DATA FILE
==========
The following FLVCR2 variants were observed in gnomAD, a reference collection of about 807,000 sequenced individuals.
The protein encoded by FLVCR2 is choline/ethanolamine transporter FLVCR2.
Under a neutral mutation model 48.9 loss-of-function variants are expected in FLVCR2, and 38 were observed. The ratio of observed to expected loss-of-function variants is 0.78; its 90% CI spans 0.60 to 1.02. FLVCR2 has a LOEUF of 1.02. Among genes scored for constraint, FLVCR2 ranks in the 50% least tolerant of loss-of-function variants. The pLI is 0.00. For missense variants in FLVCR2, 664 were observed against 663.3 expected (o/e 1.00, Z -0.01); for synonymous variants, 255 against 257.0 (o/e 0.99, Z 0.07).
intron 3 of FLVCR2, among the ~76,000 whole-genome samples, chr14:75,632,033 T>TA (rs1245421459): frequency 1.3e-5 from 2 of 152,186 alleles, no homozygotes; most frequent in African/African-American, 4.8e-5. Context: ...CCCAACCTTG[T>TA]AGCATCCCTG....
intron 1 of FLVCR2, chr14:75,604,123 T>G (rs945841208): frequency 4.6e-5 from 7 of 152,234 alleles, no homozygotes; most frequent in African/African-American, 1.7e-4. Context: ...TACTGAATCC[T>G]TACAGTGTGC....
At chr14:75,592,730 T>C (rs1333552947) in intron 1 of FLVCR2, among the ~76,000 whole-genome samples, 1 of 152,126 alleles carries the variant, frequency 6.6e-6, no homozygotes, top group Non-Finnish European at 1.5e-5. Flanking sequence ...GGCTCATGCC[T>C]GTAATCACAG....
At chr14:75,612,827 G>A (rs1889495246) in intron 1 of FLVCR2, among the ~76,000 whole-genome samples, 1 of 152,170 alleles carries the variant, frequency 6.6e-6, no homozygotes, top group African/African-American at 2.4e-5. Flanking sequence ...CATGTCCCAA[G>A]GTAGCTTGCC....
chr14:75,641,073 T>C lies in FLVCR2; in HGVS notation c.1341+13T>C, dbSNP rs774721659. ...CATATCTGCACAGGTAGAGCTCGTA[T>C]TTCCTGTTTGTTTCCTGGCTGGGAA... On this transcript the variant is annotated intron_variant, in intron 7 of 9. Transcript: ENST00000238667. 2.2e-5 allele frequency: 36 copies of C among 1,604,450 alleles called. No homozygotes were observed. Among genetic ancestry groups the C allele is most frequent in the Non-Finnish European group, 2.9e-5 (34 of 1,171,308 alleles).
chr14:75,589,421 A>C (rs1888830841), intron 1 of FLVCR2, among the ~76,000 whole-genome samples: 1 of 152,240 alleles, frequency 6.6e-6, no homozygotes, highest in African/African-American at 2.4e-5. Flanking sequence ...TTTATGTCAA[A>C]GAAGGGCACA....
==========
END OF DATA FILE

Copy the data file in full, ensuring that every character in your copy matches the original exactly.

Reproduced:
The following FLVCR2 variants were observed in gnomAD, a reference collection of about 807,000 sequenced individuals.
The protein encoded by FLVCR2 is choline/ethanolamine transporter FLVCR2.
Under a neutral mutation model 48.9 loss-of-function variants are expected in FLVCR2, and 38 were observed. The ratio of observed to expected loss-of-function variants is 0.78; its 90% CI spans 0.60 to 1.02. FLVCR2 has a LOEUF of 1.02. Among genes scored for constraint, FLVCR2 ranks in the 50% least tolerant of loss-of-function variants. The pLI is 0.00. For missense variants in FLVCR2, 664 were observed against 663.3 expected (o/e 1.00, Z -0.01); for synonymous variants, 255 against 257.0 (o/e 0.99, Z 0.07).
intron 3 of FLVCR2, among the ~76,000 whole-genome samples, chr14:75,632,033 T>TA (rs1245421459): frequency 1.3e-5 from 2 of 152,186 alleles, no homozygotes; most frequent in African/African-American, 4.8e-5. Context: ...CCCAACCTTG[T>TA]AGCATCCCTG....
intron 1 of FLVCR2, chr14:75,604,123 T>G (rs945841208): frequency 4.6e-5 from 7 of 152,234 alleles, no homozygotes; most frequent in African/African-American, 1.7e-4. Context: ...TACTGAATCC[T>G]TACAGTGTGC....
At chr14:75,592,730 T>C (rs1333552947) in intron 1 of FLVCR2, among the ~76,000 whole-genome samples, 1 of 152,126 alleles carries the variant, frequency 6.6e-6, no homozygotes, top group Non-Finnish European at 1.5e-5. Flanking sequence ...GGCTCATGCC[T>C]GTAATCACAG....
At chr14:75,612,827 G>A (rs1889495246) in intron 1 of FLVCR2, among the ~76,000 whole-genome samples, 1 of 152,170 alleles carries the variant, frequency 6.6e-6, no homozygotes, top group African/African-American at 2.4e-5. Flanking sequence ...CATGTCCCAA[G>A]GTAGCTTGCC....
chr14:75,641,073 T>C lies in FLVCR2; in HGVS notation c.1341+13T>C, dbSNP rs774721659. ...CATATCTGCACAGGTAGAGCTCGTA[T>C]TTCCTGTTTGTTTCCTGGCTGGGAA... On this transcript the variant is annotated intron_variant, in intron 7 of 9. Transcript: ENST00000238667. 2.2e-5 allele frequency: 36 copies of C among 1,604,450 alleles called. No homozygotes were observed. Among genetic ancestry groups the C allele is most frequent in the Non-Finnish European group, 2.9e-5 (34 of 1,171,308 alleles).
chr14:75,589,421 A>C (rs1888830841), intron 1 of FLVCR2, among the ~76,000 whole-genome samples: 1 of 152,240 alleles, frequency 6.6e-6, no homozygotes, highest in African/African-American at 2.4e-5. Flanking sequence ...TTTATGTCAA[A>C]GAAGGGCACA....